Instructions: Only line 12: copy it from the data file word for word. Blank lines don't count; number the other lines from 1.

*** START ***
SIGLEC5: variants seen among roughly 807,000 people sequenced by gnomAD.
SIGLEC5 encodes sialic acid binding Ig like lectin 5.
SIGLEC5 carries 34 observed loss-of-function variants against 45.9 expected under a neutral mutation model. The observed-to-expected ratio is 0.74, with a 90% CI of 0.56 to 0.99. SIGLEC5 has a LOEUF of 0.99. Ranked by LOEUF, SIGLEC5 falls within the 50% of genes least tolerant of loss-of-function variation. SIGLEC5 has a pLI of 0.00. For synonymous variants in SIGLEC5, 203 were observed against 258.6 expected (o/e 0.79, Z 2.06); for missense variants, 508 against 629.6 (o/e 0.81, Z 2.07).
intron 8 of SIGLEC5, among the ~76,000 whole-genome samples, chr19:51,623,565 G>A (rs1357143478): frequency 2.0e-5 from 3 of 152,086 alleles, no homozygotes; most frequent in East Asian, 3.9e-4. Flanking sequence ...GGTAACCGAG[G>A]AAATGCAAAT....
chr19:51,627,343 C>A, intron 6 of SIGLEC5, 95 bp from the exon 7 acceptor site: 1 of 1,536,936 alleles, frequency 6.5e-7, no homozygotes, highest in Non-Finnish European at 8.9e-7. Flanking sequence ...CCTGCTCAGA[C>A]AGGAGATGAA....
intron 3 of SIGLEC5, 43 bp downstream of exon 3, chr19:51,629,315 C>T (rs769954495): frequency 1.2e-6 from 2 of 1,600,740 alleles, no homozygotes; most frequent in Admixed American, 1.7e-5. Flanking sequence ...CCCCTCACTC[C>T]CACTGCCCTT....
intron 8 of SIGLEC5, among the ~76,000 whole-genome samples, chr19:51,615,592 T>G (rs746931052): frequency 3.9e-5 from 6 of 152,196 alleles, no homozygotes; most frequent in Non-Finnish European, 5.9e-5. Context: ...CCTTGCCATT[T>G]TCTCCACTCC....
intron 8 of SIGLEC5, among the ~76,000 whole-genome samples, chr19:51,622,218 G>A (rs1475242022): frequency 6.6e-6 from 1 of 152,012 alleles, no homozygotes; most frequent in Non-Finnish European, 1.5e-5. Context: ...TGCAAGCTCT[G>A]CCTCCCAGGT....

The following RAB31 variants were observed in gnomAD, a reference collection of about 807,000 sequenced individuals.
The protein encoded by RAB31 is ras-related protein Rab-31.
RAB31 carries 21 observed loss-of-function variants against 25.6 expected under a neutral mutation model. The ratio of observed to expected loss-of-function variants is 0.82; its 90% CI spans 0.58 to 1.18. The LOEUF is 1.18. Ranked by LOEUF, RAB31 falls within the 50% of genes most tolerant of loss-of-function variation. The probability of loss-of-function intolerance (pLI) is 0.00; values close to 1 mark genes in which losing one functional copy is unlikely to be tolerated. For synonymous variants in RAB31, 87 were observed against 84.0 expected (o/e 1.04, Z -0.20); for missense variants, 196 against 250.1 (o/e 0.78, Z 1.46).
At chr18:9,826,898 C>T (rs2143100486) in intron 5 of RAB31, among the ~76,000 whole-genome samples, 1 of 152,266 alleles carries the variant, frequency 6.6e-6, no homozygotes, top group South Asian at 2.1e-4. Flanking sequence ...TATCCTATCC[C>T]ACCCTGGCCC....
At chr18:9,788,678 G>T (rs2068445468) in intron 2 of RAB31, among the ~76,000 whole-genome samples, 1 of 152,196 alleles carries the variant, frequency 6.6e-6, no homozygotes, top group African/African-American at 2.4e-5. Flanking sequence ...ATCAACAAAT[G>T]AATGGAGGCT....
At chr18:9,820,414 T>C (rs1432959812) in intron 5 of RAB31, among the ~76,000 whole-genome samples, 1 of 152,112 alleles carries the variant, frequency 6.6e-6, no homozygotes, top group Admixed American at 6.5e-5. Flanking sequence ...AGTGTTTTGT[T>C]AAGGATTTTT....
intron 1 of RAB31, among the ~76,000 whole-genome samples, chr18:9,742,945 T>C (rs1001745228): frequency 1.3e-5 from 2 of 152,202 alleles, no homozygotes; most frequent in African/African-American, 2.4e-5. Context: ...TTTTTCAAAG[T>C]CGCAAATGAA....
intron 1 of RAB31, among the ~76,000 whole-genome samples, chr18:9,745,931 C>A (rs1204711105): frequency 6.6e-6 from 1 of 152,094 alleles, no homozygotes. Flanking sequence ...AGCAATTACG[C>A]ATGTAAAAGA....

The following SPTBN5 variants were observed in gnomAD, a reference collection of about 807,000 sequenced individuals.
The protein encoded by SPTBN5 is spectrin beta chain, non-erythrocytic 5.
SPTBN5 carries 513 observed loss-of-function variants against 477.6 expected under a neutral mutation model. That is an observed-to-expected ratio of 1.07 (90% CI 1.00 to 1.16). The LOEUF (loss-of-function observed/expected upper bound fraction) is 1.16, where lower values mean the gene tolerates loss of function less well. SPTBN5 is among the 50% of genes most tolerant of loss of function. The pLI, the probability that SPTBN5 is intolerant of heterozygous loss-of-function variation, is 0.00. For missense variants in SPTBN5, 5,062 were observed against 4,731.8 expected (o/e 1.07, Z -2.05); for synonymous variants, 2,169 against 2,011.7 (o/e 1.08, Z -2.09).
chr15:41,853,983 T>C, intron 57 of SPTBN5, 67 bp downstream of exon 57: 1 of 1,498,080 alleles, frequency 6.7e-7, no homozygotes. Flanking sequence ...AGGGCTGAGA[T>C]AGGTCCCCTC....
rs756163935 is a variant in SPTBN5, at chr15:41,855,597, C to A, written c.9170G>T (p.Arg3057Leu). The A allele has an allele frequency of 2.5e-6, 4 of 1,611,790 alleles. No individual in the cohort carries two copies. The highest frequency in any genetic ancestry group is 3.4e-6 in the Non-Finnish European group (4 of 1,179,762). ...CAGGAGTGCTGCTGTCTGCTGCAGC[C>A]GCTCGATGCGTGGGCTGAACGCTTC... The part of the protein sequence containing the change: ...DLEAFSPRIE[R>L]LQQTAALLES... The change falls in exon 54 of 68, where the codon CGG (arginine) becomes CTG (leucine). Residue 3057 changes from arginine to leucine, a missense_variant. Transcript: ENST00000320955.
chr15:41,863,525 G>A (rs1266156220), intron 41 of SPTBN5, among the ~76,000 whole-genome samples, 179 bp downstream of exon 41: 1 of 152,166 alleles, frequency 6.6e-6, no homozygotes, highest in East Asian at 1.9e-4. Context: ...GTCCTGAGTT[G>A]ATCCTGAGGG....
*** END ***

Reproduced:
At chr18:9,826,898 C>T (rs2143100486) in intron 5 of RAB31, among the ~76,000 whole-genome samples, 1 of 152,266 alleles carries the variant, frequency 6.6e-6, no homozygotes, top group South Asian at 2.1e-4. Flanking sequence ...TATCCTATCC[C>T]ACCCTGGCCC....